1750 West Loop

This Book Is Dedicated To Mr. George T. Nelson
and Mrs. Christia V. Adair

Menu

Menu

Fresh Fruit Cocktail
Tossed Green Salad
Dressing
Sirloin Strip
Baked Potato with Sour Cream
Green Beans Amandine
Rolls and Butter
Apple Pie
Coffee-Tea-Milk

Program

 Program

Master of Ceremonies: Weldon H. Berry, Esq.

Processional

Selection
Postal Choir

Pledge                                                      
Junior Life Member:
Elks Antler Guards

Lift Every Voice & Sing                                
Bennie Creswell
Accompanist, Rosemary McGowan

Invocation 
Father Artis

Selection
Postal Choir

Solo
Marion Jarvis

The Occasion
Billie J. Smith

Presentation
Honorable Jim McConn
Mayor of Houston

Introduction of Speaker
Dr. Rawls Andrews

Address
Dr. Benjamin L. Hooks
Executive Director, NAACP

Selection
Postal Choir

Presentation of Awards              
Honorable Gabriel McDonald
Honorable U.S. District Judge John Peavy, Jr.
District Judge

The Appeal
Helen L. Johnson

Introduction of Special Guests
Allene Alix   

Benediction

 

Back Cover

 Lift Every Voice And Sing
National Negro Hymn

James Weldon Johnson                                         R. Rosamond Johnson

Lift every voice and sing, till earth and Heaven ring,
Ring with the harmonies of liberty;
Let our rejoicing rise, high as the listening skies,
Let it resound loud as the rolling sea.
Sing a song full of the faith that the dark past has taught us,
Sing a song full of the hope that the present has brought us;
Facing the rising sun of our new day begun,
Let us march on till victory is won.

Stony the road we trod, bitter the chastening rod,
Felt in the days when hope unborn had died;
Yet with a steady beat, have not our weary feet,
Come to the place for which our fathers sighed?
We have come over a way that with tears has been watered,
We have come, treading our path through the blood of the slaughtered;
Out from the gloomy past, till now we stand at last
Where the white gleam of our bright star is cast.

God of our weary years, God of our silent tears,
Thou Who hast brought us thus far on the way;
Thou Who hast by Thy might, led us into the light,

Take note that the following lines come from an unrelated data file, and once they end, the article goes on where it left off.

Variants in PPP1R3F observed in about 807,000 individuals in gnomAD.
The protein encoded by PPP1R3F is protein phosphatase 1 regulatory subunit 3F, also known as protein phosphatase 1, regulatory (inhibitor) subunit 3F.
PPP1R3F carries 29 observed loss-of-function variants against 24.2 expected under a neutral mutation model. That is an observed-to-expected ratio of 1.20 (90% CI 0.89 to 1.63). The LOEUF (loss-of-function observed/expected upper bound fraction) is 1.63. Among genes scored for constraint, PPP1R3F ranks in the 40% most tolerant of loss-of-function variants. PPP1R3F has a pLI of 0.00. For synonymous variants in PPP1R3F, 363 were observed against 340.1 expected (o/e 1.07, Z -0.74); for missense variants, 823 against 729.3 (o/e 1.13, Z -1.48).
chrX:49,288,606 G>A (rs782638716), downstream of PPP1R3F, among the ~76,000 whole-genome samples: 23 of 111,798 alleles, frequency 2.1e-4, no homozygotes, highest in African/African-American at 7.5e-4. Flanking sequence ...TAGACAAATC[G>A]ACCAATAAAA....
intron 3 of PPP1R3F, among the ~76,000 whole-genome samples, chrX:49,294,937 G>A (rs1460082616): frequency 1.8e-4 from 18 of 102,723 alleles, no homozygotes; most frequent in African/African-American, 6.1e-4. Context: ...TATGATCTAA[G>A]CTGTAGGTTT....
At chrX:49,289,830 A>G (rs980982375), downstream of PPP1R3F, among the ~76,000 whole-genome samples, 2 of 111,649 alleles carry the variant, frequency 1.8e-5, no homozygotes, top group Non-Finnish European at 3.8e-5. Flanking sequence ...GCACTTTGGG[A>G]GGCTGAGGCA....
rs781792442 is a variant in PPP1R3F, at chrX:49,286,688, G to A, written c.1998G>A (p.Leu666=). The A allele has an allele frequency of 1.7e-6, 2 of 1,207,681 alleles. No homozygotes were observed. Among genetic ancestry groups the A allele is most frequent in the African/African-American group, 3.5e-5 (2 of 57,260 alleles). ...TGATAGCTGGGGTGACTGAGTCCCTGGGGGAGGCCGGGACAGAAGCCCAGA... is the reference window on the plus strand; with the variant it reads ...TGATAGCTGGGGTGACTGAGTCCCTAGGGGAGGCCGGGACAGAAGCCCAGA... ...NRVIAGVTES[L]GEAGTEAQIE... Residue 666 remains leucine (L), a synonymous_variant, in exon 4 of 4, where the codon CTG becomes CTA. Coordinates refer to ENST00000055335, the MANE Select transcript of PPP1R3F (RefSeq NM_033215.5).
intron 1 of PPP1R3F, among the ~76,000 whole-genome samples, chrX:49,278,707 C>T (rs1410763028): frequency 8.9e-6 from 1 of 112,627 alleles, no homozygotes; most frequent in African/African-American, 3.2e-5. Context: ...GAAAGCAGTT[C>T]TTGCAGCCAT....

Keep us forever in the path, we pray.
Lest our feet stray from the places, our God, where we met Thee.
Lest our hearts, drunk with the wine of the world, we forget Thee.
Shadowed beneath Thy hand, may we forever stand,
True to our God, true to our native land.

Treasure Chest Thursday: My father’s 1937 Kodak Jiffy Camera

Dad at age 18 or 19 holding his Kodak Jiffy camera case

My father loved cameras! He enjoyed posing for pictures just as much as he enjoyed taking them. I believe I’m the one in the family that enjoys cameras as much as he did. Since his death, all of his cameras have been passed on to me. So on my list of things to do this year, I will inspect each one and determine what condition they are in at this time. Well, the day to inspect one of those cameras came this past weekend while I was scanning some old photos of my father to my computer. I came across the photo you see to the right  of him around the age of 18 or 19 posing for a picture while holding a camera case in his hand. That camera case looked very familiar to me. So I pulled out all the stored cameras and there it was — dad’s Kodak Jiffy Camera (series II), 620 roll film camera for eight 6 x 9 cm negatives that was built around 1937!

Kodak Jiffy (series II) camera, 1937

According to the UK website – The Living Image Vintage Camera Museum, “The Jiffy is a budget camera but [offers] a little more control than a box camera. The lens has two position focus with the front element mounted in a screw barrel… The Jiffy cameras all share a common design of catch to keep the back closed; whilst it succeeds at keeping the back tightly closed and is unlikely to open accidentally, it is subject to binding after a few years of inactivity. Consequently many are broken.”

One thing I know for sure is that the common design of  the catch to keep the back of the camera tightly close works like a pro because 75 years later, I cannot get the back of this camera open — LOL!  I will be taking it to a camera shop this summer to get it open and determine if  I will be able to use it, and/or, actually learn to use it. It is in mint condition after all these years. I’m excited to see what this little jewel from 1937 can do!

If you love cameras and have a vintage Kodak like this one, let me hear from you!